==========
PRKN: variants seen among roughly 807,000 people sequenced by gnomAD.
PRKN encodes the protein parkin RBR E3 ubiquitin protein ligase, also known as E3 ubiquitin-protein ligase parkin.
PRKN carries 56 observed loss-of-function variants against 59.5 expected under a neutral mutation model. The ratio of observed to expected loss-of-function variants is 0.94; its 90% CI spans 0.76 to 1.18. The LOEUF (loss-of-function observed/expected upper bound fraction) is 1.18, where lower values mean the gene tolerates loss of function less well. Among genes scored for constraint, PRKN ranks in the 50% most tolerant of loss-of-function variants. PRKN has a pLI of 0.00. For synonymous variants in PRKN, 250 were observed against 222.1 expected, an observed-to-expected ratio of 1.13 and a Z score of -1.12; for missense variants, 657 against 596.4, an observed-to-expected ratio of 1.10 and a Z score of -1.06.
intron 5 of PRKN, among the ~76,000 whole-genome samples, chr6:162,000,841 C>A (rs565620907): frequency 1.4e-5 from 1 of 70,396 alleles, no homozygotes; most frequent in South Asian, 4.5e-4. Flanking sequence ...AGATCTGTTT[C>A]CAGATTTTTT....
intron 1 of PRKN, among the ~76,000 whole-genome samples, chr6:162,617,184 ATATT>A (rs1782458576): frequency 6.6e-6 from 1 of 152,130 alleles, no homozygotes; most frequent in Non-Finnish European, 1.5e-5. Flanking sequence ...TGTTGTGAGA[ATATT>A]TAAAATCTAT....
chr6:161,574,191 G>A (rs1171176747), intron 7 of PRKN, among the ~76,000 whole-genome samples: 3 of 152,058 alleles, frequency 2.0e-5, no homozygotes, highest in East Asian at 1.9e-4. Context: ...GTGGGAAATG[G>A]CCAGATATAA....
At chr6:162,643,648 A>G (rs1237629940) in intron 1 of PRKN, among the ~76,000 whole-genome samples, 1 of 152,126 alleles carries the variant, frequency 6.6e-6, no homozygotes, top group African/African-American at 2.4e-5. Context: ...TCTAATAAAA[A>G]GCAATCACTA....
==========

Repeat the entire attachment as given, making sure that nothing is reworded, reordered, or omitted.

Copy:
PRKN: variants seen among roughly 807,000 people sequenced by gnomAD.
PRKN encodes the protein parkin RBR E3 ubiquitin protein ligase, also known as E3 ubiquitin-protein ligase parkin.
PRKN carries 56 observed loss-of-function variants against 59.5 expected under a neutral mutation model. The ratio of observed to expected loss-of-function variants is 0.94; its 90% CI spans 0.76 to 1.18. The LOEUF (loss-of-function observed/expected upper bound fraction) is 1.18, where lower values mean the gene tolerates loss of function less well. Among genes scored for constraint, PRKN ranks in the 50% most tolerant of loss-of-function variants. PRKN has a pLI of 0.00. For synonymous variants in PRKN, 250 were observed against 222.1 expected, an observed-to-expected ratio of 1.13 and a Z score of -1.12; for missense variants, 657 against 596.4, an observed-to-expected ratio of 1.10 and a Z score of -1.06.
intron 5 of PRKN, among the ~76,000 whole-genome samples, chr6:162,000,841 C>A (rs565620907): frequency 1.4e-5 from 1 of 70,396 alleles, no homozygotes; most frequent in South Asian, 4.5e-4. Flanking sequence ...AGATCTGTTT[C>A]CAGATTTTTT....
intron 1 of PRKN, among the ~76,000 whole-genome samples, chr6:162,617,184 ATATT>A (rs1782458576): frequency 6.6e-6 from 1 of 152,130 alleles, no homozygotes; most frequent in Non-Finnish European, 1.5e-5. Flanking sequence ...TGTTGTGAGA[ATATT>A]TAAAATCTAT....
chr6:161,574,191 G>A (rs1171176747), intron 7 of PRKN, among the ~76,000 whole-genome samples: 3 of 152,058 alleles, frequency 2.0e-5, no homozygotes, highest in East Asian at 1.9e-4. Context: ...GTGGGAAATG[G>A]CCAGATATAA....
At chr6:162,643,648 A>G (rs1237629940) in intron 1 of PRKN, among the ~76,000 whole-genome samples, 1 of 152,126 alleles carries the variant, frequency 6.6e-6, no homozygotes, top group African/African-American at 2.4e-5. Context: ...TCTAATAAAA[A>G]GCAATCACTA....